I grew up in a Lutheran Church. Twenty years of my life have been devoted to early Sunday services, participating in and teaching Sunday school, church get-togethers, praying before meals, before bed, and well really just praying at all points of the day, and being asked ‘why I believe in God and His teachings’. Now, normally I love this question. It gives me an opportunity to tell people who I am and what I believe, along with sharing God’s word and love. However, what I don’t love is when these questions turn into judgement and anger.

 It is unfair for Christians to feel obligated to forfeit or hide their beliefs in order to feel accepted in this current society. 

As a twenty year old Christian in college I have made my decision to follow God and his word despite what other may think or say. So here are my unprofessional and unsolicited tips to being a Christian in college.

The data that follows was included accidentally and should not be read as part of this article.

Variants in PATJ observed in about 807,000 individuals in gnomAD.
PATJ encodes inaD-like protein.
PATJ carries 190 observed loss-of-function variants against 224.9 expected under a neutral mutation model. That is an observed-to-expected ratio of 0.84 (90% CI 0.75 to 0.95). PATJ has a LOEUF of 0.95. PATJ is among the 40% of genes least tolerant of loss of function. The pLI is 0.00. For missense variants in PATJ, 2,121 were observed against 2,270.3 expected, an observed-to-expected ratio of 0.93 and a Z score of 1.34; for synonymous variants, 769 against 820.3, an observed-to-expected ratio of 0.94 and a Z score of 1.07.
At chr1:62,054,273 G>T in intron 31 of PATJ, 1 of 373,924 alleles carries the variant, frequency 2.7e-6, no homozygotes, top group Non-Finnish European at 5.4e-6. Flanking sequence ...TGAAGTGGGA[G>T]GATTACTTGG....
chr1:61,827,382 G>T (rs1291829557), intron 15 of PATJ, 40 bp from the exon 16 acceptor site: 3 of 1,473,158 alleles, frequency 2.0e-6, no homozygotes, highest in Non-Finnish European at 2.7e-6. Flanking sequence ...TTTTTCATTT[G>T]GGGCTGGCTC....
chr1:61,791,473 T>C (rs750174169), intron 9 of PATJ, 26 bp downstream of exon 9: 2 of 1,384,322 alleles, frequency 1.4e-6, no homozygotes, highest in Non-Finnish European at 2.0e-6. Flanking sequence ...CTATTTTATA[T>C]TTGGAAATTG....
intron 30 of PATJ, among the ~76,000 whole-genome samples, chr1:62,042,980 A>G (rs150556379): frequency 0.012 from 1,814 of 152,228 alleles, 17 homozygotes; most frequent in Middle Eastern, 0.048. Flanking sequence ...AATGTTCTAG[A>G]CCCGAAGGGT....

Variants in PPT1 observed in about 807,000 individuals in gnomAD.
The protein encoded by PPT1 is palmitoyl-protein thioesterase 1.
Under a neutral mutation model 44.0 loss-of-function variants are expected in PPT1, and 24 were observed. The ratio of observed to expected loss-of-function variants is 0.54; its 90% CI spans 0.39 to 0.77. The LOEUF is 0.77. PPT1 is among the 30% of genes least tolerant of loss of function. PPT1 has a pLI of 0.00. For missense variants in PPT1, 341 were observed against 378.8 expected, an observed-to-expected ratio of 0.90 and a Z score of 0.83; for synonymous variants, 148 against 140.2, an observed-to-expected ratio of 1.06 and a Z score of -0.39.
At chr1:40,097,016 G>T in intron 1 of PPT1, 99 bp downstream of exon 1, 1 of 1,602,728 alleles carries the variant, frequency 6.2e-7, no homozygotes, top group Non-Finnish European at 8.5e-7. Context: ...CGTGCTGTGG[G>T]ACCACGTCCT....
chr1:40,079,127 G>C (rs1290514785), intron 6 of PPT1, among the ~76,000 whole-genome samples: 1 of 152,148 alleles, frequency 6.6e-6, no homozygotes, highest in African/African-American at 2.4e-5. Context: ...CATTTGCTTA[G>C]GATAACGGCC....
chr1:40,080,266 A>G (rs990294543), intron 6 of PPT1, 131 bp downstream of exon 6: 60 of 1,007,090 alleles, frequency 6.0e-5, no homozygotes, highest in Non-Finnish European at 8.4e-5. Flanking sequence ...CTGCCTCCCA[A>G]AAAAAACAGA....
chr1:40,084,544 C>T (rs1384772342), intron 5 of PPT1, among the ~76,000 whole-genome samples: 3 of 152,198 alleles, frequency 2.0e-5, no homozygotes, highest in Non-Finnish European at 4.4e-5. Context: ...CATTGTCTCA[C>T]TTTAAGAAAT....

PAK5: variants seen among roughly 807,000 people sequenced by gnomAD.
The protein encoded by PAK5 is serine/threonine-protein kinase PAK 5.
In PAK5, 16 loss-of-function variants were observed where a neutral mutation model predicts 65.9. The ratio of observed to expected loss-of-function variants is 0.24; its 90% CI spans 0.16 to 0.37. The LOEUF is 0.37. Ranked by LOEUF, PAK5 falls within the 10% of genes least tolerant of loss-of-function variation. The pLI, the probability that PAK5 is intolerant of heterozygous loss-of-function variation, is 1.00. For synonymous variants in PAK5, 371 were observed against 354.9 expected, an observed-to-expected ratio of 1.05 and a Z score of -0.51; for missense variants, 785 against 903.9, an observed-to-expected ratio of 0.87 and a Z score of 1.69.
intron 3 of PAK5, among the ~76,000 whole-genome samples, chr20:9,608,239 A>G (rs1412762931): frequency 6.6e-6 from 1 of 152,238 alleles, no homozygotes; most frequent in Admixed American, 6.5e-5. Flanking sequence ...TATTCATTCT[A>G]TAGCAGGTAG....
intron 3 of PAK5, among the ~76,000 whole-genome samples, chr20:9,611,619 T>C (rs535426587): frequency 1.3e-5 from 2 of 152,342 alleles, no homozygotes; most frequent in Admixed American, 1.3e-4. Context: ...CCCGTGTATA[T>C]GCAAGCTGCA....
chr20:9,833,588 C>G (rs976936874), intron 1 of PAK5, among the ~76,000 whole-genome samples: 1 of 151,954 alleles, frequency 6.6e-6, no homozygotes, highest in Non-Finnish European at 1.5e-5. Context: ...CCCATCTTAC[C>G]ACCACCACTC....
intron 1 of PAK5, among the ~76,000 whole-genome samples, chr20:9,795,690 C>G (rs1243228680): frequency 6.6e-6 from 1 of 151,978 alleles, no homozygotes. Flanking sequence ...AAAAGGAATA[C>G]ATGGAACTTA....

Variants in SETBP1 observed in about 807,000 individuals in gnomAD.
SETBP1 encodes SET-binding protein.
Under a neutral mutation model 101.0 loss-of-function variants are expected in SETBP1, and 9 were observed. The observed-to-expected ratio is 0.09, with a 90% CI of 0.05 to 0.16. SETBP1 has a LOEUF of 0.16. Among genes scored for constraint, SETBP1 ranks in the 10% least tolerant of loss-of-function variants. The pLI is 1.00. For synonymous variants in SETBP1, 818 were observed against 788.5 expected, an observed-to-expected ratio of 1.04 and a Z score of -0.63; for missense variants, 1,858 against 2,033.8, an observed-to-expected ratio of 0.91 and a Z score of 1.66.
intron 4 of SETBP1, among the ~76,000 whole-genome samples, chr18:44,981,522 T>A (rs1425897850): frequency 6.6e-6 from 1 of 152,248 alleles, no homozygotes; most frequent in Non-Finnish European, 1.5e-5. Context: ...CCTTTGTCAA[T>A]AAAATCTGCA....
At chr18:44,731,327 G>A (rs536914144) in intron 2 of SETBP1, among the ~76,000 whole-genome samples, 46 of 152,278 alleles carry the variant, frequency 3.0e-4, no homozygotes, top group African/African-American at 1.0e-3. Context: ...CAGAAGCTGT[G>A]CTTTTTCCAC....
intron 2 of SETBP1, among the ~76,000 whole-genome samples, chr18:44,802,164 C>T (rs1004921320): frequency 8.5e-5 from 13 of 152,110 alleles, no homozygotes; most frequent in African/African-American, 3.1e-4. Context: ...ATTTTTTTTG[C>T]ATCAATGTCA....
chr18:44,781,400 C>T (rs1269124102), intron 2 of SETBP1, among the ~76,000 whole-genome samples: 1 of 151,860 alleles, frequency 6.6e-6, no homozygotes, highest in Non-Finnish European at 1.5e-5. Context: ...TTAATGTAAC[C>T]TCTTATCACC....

1. Do not confuse earthly happiness with spiritual happiness. 

2. Make friends with like minded individuals, talk about your faith, and talk about the struggles and judgement you feel from those around you

3. Make friends with individuals who do not share the same views as you. Talk to them about your faith. Let them tell you what they do and do not believe. Keep the environment calm and listen to eachother. Let them know not all Christians are the same as the ones seen in the media

4. Fall in love with someone who loves Jesus. Help one another grow in faith. Not only will it strengthen your relationship with God, but it will also strengthen your relationship with your significant other. “Couples that pray togther, stay together”